Alec has also just had his very first cold. Ahhh...milestones. of June 1, 2011, this mummie will be a working mummie. Exciting times, no?

At the very least, I'll be around adults. For so long, I've kind of been a bit a hermit, going out ever so often to meet up with friends, a few of them coming over here - but the majority of the time, I've stayed home alone with Alec and Apollo. Having tried time and time again to get my sister in law involved, I've officially given up. My mother in law has been working for quite some time, and I obviously have no family in the area. Maybe being surrounded by other adults, and using my brain will help me fight this battle that post-partum depression has been. The other plus side to me working, is that we'll be able to put money in savings again. I'd REALLY like to build our home. I mean...really like to. I feel as though the market has yet to bottom out, and we're holding out for something we both really love, at a price we can afford. Or build something that would be the equivalent to the home of our dreams - a home we can call home, the place where our children will be raised, and will come to visit us in after they move out and we're both old and decrepit. Regardless of whether we build or buy, it will be our nest egg for our future, and for our children.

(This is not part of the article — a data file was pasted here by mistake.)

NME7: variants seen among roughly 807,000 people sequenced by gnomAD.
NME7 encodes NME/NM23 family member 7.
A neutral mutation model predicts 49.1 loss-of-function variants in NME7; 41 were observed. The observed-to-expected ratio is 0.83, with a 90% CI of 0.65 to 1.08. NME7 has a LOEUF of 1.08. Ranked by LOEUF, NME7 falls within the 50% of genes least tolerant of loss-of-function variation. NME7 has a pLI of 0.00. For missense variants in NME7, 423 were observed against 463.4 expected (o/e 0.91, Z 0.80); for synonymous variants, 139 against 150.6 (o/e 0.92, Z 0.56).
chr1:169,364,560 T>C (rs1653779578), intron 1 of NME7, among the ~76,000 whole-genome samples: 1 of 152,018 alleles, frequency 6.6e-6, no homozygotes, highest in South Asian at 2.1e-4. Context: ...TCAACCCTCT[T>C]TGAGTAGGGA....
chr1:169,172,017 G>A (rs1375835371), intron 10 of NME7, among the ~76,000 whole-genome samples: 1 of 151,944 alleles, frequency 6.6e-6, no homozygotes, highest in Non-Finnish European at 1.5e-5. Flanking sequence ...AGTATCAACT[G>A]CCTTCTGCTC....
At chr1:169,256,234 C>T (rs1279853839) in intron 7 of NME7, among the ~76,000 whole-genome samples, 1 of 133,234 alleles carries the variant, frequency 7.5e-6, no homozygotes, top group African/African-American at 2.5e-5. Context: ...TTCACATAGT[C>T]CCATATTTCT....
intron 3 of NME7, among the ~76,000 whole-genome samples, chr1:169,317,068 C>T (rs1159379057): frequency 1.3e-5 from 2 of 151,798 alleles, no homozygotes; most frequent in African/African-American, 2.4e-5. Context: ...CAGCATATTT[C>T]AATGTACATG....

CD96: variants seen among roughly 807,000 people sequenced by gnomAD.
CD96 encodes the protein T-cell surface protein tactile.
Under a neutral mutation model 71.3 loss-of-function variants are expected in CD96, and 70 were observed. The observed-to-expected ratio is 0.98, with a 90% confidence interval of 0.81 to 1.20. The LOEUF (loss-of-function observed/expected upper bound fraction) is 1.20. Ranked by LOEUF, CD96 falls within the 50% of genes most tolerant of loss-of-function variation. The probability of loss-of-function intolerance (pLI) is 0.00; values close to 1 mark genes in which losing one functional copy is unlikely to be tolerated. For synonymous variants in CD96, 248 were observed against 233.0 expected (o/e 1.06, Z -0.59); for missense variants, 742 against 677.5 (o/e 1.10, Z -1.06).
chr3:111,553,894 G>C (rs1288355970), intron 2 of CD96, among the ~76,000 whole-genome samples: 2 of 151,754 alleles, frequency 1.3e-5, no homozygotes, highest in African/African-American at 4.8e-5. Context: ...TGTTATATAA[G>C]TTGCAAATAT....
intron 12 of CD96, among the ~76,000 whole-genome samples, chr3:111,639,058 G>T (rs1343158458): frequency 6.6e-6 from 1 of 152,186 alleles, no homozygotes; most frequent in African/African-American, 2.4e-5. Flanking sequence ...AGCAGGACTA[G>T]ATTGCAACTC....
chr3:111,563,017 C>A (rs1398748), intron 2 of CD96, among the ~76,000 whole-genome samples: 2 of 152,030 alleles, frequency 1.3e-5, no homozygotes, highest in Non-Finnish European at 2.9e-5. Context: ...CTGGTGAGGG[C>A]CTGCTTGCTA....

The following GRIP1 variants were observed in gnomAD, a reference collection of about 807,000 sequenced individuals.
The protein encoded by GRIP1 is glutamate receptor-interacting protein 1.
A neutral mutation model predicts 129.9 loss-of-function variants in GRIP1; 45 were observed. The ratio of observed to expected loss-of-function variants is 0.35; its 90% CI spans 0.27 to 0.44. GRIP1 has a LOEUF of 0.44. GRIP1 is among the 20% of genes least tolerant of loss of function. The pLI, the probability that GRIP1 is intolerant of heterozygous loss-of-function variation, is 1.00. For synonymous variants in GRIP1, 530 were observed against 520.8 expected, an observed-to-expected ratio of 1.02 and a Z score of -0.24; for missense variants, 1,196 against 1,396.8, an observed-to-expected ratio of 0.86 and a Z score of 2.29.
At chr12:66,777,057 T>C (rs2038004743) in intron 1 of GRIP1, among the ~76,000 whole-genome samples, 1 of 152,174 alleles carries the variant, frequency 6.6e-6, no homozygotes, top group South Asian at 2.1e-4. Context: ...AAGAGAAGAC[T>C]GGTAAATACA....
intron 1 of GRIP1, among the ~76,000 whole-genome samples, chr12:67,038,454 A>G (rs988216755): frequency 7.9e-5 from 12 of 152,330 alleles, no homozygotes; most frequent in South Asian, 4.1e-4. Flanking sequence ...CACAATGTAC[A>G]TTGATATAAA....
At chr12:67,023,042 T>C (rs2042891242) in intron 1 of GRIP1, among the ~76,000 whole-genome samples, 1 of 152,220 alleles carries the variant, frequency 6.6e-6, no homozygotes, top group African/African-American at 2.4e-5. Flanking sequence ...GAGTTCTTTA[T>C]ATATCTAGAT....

Wednesday, May 18, 2011

Irrational Fears

Lately, it seems my imagination is running away with me.

It's not as though I've been reading terrible news stories on bad things happening on a daily basis, or anything.